8.   Alzheimer’s disease or dementia both lead to a gradual decline in performing daily activities.  If this is the case, children can help develop a familiar routine for their loved one, planning these routines around the times of the day when the parent is less confused or more cooperative.  Caring for a person with Alzheimer’s disease can become overwhelming, so find a support group where you can share your feelings and learn more about caring for a parent in this state.

9.   There are caregiver options.  Discuss with your parents and siblings your parents’ caregiving needs.  Find ways for each family member to provide support, and don’t be shy about involving a geriatric care manager, clergy member or family counselor when their participation would be helpful.

10.  It is important to have physicians with whom your parents are comfortable with and trust.  It is also important to have a health plan that will best support your parent by providing health management programs and practical support services that don’t drain the family financially and allow your parents to remain independent and in their own home as long as possible.

How to keep the quality in family relationships

Caring for an aging parent can be beneficial for the family. It can bridge the gaps among generations. Family support systems can be strengthened as members learn to prepare themselves for their own aging. How can you get the best out of this new relationship?

  • Encourage without giving advice. Advice from adult sons and daughters is a tricky proposition and best avoided unless you are sure it has been asked for. It is generally better to let an outside person be the advisor.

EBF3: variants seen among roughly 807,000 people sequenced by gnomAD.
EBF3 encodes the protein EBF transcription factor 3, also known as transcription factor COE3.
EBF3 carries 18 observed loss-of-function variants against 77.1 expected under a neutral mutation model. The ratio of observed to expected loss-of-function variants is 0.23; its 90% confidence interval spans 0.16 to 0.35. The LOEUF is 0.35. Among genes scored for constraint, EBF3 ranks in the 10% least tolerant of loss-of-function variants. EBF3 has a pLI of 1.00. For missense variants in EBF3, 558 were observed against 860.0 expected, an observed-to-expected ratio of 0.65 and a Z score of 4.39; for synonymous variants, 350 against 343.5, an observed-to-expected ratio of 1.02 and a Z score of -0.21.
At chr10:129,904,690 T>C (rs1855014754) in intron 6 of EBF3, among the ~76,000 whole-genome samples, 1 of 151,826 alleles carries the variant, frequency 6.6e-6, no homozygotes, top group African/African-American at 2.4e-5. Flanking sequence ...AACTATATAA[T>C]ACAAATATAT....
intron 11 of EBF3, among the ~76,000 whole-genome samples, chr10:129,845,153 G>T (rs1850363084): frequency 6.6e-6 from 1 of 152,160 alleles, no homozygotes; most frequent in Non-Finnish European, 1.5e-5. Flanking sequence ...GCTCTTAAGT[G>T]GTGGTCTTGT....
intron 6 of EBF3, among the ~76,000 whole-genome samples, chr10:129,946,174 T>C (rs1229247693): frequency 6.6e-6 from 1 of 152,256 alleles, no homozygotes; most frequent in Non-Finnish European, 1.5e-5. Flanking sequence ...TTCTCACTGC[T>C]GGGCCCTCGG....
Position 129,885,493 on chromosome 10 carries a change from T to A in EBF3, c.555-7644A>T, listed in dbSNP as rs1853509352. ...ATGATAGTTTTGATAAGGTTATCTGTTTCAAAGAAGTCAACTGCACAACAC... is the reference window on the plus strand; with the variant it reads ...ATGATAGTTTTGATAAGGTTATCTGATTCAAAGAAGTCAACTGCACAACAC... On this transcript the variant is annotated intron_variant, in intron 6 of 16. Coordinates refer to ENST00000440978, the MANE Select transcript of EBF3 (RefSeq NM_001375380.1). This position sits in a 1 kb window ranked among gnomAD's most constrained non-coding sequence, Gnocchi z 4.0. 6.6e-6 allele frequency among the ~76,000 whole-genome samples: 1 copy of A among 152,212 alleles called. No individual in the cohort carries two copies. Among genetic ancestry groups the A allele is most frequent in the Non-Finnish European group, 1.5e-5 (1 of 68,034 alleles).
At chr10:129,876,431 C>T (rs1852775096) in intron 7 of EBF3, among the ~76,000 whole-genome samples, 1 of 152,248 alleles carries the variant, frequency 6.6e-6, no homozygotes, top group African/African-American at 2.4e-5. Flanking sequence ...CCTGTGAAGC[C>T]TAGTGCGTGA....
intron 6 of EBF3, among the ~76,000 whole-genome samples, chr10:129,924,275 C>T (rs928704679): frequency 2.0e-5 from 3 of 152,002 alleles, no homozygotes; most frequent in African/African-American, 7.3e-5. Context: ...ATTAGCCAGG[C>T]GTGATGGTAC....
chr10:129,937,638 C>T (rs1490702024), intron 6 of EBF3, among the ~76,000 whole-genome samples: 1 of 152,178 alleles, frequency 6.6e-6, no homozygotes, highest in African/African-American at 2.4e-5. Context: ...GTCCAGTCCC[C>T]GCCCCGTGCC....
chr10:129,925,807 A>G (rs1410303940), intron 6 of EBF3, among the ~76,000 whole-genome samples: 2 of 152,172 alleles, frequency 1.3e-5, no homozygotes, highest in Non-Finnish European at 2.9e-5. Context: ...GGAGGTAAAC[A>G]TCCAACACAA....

• Accept differences of opinions, values, habits, likes and dislikes between you and your parents. There is often a “generation gap” between parents and children, regardless of how old they are. Respect these differences.
  • Keep humor and fun alive in the family. A shared laugh can do wonders to ease tension, build closeness, and even improve health.
  • Recognize that grandchildren and grandparents may have a special relationship. If neither has the burden of responsibility for the other, they are free to enjoy each other’s company and share ideas and experiences.

 What can you do for your parents?

Care-giving involves difficult decisions which should be handled with as much thought and discussion as possible. Do not jump into drastic changes, like having your parent move into your home, because you feel guilty or pressured, or as a “quick fix.” Be realistic about your own abilities, desires and limitations, as well as those of your family members. Weigh the options carefully.

Consider these issues as you take on increased care of your parent:

  • What can your parents reasonably expect from you?
  • What can you reasonably expect from your parents?
  • Listening is an important part of caring. Listen to your parents. You may be one of the few who does.
  • Independence is key to mental and physical health. Encourage and support your parents’ independence.
  • Let your parents know about community services or assistance available to them so they can make informed choices for themselves.
  • Encourage your parents to discuss sensitive issues, like disability, nursing homes, even dying, if and when they seem interested in such discussions.
  • Learn what the legal system has to offer you and your parents. Options like a power of attorney may help to manage your parents’ finances and their future.

What can you do for yourself?

To cope well, it helps to separate the “person” (your parent) from the “process” (normal aging).